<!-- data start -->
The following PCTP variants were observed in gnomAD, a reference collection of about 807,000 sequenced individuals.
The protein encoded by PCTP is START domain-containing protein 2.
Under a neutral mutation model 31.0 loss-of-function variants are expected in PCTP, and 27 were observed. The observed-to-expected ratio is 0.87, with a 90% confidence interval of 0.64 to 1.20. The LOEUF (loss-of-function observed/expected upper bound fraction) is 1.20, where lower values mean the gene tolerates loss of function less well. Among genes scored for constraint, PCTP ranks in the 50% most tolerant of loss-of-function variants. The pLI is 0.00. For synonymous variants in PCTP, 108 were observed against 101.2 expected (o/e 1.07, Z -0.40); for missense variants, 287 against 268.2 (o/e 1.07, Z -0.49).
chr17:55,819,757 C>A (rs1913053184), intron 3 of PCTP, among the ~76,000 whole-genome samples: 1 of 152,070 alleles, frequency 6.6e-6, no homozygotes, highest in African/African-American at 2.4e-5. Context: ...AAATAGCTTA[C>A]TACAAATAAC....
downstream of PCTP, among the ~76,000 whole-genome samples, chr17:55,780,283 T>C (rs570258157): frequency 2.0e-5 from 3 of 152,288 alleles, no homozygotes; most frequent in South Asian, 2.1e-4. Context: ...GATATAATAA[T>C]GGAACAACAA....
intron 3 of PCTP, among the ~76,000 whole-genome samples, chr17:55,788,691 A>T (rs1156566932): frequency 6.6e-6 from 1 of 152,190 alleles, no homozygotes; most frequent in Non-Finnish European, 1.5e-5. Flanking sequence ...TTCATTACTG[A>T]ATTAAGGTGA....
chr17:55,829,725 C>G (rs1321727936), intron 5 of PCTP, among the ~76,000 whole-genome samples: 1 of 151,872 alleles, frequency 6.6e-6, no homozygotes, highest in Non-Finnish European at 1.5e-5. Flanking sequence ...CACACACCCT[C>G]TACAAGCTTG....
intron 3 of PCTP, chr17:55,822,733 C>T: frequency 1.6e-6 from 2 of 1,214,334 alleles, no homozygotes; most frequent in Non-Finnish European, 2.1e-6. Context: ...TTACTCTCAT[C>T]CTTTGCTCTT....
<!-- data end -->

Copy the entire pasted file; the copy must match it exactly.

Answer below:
The following PCTP variants were observed in gnomAD, a reference collection of about 807,000 sequenced individuals.
The protein encoded by PCTP is START domain-containing protein 2.
Under a neutral mutation model 31.0 loss-of-function variants are expected in PCTP, and 27 were observed. The observed-to-expected ratio is 0.87, with a 90% confidence interval of 0.64 to 1.20. The LOEUF (loss-of-function observed/expected upper bound fraction) is 1.20, where lower values mean the gene tolerates loss of function less well. Among genes scored for constraint, PCTP ranks in the 50% most tolerant of loss-of-function variants. The pLI is 0.00. For synonymous variants in PCTP, 108 were observed against 101.2 expected (o/e 1.07, Z -0.40); for missense variants, 287 against 268.2 (o/e 1.07, Z -0.49).
chr17:55,819,757 C>A (rs1913053184), intron 3 of PCTP, among the ~76,000 whole-genome samples: 1 of 152,070 alleles, frequency 6.6e-6, no homozygotes, highest in African/African-American at 2.4e-5. Context: ...AAATAGCTTA[C>A]TACAAATAAC....
downstream of PCTP, among the ~76,000 whole-genome samples, chr17:55,780,283 T>C (rs570258157): frequency 2.0e-5 from 3 of 152,288 alleles, no homozygotes; most frequent in South Asian, 2.1e-4. Context: ...GATATAATAA[T>C]GGAACAACAA....
intron 3 of PCTP, among the ~76,000 whole-genome samples, chr17:55,788,691 A>T (rs1156566932): frequency 6.6e-6 from 1 of 152,190 alleles, no homozygotes; most frequent in Non-Finnish European, 1.5e-5. Flanking sequence ...TTCATTACTG[A>T]ATTAAGGTGA....
chr17:55,829,725 C>G (rs1321727936), intron 5 of PCTP, among the ~76,000 whole-genome samples: 1 of 151,872 alleles, frequency 6.6e-6, no homozygotes, highest in Non-Finnish European at 1.5e-5. Flanking sequence ...CACACACCCT[C>G]TACAAGCTTG....
intron 3 of PCTP, chr17:55,822,733 C>T: frequency 1.6e-6 from 2 of 1,214,334 alleles, no homozygotes; most frequent in Non-Finnish European, 2.1e-6. Context: ...TTACTCTCAT[C>T]CTTTGCTCTT....